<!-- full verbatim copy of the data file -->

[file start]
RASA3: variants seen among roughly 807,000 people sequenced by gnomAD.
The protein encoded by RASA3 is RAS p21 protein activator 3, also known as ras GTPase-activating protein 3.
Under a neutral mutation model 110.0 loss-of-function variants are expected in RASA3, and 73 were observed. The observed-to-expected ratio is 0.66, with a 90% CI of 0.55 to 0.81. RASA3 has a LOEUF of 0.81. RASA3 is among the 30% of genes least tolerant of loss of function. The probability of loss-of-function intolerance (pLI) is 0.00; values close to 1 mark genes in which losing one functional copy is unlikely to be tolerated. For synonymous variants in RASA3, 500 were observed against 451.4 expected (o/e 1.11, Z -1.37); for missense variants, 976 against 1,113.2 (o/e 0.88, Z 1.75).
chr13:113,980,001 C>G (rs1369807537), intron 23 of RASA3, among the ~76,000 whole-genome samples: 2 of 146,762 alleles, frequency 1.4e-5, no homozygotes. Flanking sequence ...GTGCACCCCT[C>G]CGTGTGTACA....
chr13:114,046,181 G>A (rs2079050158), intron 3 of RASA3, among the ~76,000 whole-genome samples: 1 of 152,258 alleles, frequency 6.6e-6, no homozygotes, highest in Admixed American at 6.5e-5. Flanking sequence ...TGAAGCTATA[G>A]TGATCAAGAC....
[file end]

RASA3: variants seen among roughly 807,000 people sequenced by gnomAD.
The protein encoded by RASA3 is RAS p21 protein activator 3, also known as ras GTPase-activating protein 3.
Under a neutral mutation model 110.0 loss-of-function variants are expected in RASA3, and 73 were observed. The observed-to-expected ratio is 0.66, with a 90% CI of 0.55 to 0.81. RASA3 has a LOEUF of 0.81. RASA3 is among the 30% of genes least tolerant of loss of function. The probability of loss-of-function intolerance (pLI) is 0.00; values close to 1 mark genes in which losing one functional copy is unlikely to be tolerated. For synonymous variants in RASA3, 500 were observed against 451.4 expected (o/e 1.11, Z -1.37); for missense variants, 976 against 1,113.2 (o/e 0.88, Z 1.75).
chr13:113,980,001 C>G (rs1369807537), intron 23 of RASA3, among the ~76,000 whole-genome samples: 2 of 146,762 alleles, frequency 1.4e-5, no homozygotes. Flanking sequence ...GTGCACCCCT[C>G]CGTGTGTACA....
chr13:114,046,181 G>A (rs2079050158), intron 3 of RASA3, among the ~76,000 whole-genome samples: 1 of 152,258 alleles, frequency 6.6e-6, no homozygotes, highest in Admixed American at 6.5e-5. Flanking sequence ...TGAAGCTATA[G>A]TGATCAAGAC....